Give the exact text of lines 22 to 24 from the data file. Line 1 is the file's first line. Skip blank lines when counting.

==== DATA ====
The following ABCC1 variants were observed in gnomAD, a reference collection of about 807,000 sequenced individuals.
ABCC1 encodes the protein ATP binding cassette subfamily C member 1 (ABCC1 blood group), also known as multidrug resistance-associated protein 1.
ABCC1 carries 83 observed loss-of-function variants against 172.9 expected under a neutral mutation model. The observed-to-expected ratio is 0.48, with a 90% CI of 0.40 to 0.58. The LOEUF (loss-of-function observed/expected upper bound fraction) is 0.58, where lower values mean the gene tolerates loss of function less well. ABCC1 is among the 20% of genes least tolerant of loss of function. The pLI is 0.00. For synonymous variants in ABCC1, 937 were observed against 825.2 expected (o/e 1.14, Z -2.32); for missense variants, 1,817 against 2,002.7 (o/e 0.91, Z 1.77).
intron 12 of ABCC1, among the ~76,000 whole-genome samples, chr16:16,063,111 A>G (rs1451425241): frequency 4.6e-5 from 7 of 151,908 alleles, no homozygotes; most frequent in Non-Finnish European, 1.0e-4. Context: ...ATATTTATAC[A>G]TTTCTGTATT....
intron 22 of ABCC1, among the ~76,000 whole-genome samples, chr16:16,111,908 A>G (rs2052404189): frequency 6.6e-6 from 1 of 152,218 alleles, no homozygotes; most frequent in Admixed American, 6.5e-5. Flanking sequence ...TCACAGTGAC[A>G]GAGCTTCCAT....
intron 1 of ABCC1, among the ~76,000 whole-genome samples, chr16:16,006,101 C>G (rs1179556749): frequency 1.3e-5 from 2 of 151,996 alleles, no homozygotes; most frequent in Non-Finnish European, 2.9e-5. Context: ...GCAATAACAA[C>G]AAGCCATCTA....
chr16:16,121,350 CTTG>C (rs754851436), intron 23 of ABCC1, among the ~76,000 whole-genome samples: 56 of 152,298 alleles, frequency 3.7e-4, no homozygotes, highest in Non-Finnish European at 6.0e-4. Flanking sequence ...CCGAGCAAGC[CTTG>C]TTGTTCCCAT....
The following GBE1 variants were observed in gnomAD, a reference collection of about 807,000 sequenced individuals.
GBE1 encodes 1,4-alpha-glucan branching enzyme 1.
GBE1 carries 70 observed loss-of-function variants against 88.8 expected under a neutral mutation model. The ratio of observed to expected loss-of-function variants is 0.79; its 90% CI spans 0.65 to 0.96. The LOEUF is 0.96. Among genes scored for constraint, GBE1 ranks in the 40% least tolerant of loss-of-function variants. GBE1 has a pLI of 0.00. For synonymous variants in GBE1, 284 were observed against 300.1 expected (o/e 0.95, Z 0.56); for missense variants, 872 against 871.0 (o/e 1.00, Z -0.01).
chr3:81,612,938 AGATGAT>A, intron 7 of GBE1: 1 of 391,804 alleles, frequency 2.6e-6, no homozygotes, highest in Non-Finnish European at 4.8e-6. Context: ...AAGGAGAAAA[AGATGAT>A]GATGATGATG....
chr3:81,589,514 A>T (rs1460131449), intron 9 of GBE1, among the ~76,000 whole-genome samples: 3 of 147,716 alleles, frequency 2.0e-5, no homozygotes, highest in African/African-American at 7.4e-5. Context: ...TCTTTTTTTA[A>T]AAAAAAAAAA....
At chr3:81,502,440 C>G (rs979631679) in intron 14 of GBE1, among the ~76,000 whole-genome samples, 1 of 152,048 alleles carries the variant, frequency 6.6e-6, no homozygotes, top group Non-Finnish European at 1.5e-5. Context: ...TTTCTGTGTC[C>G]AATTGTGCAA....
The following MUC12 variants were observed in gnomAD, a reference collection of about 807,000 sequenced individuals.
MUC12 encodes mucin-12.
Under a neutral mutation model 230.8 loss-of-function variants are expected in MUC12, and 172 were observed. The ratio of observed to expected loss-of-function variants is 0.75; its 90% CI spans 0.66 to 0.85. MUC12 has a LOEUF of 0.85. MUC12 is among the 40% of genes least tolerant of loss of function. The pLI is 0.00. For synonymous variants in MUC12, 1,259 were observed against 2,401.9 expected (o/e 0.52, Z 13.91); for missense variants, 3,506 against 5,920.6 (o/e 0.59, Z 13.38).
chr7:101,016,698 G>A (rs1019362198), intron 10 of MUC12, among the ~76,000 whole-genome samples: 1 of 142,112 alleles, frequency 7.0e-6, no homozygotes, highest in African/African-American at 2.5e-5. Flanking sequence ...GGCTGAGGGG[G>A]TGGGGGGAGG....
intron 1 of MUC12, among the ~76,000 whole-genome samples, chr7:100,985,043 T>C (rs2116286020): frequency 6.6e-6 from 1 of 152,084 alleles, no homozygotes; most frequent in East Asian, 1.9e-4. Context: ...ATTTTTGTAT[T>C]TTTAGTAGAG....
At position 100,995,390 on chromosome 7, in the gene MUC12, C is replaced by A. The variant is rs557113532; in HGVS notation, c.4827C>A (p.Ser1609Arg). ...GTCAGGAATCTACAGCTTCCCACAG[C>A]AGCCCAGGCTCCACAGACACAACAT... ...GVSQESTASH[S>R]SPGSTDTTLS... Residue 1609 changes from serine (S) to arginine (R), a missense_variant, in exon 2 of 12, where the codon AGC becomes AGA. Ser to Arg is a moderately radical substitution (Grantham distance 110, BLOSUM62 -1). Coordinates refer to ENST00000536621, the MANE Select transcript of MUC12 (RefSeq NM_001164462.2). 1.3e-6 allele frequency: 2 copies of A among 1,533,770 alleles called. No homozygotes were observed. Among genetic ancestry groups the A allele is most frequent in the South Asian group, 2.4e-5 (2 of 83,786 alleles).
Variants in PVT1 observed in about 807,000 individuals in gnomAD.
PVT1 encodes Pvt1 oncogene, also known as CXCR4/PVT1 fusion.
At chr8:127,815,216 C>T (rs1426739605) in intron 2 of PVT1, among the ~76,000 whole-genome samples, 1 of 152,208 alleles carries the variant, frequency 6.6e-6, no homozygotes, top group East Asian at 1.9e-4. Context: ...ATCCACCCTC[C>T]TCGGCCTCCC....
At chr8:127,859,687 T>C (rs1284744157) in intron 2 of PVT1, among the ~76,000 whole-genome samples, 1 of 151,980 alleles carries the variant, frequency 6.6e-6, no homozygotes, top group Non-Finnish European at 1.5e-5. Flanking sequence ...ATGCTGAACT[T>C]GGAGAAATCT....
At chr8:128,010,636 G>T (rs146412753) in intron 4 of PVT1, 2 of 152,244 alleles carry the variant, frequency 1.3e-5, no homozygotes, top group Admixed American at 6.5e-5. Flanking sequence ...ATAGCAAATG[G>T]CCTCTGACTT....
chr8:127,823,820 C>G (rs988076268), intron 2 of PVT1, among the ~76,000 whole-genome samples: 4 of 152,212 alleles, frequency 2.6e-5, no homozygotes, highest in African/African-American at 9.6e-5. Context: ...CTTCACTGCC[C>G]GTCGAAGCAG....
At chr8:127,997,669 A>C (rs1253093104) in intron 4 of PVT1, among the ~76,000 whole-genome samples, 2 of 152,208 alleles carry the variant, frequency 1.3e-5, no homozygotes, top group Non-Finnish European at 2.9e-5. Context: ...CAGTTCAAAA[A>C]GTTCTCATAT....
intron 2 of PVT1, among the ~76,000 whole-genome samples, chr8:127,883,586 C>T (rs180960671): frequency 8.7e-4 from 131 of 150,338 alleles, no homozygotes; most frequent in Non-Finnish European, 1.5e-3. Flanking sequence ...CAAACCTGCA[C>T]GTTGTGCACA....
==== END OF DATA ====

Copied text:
At chr8:127,815,216 C>T (rs1426739605) in intron 2 of PVT1, among the ~76,000 whole-genome samples, 1 of 152,208 alleles carries the variant, frequency 6.6e-6, no homozygotes, top group East Asian at 1.9e-4. Context: ...ATCCACCCTC[C>T]TCGGCCTCCC....
At chr8:127,859,687 T>C (rs1284744157) in intron 2 of PVT1, among the ~76,000 whole-genome samples, 1 of 151,980 alleles carries the variant, frequency 6.6e-6, no homozygotes, top group Non-Finnish European at 1.5e-5. Flanking sequence ...ATGCTGAACT[T>C]GGAGAAATCT....
At chr8:128,010,636 G>T (rs146412753) in intron 4 of PVT1, 2 of 152,244 alleles carry the variant, frequency 1.3e-5, no homozygotes, top group Admixed American at 6.5e-5. Flanking sequence ...ATAGCAAATG[G>T]CCTCTGACTT....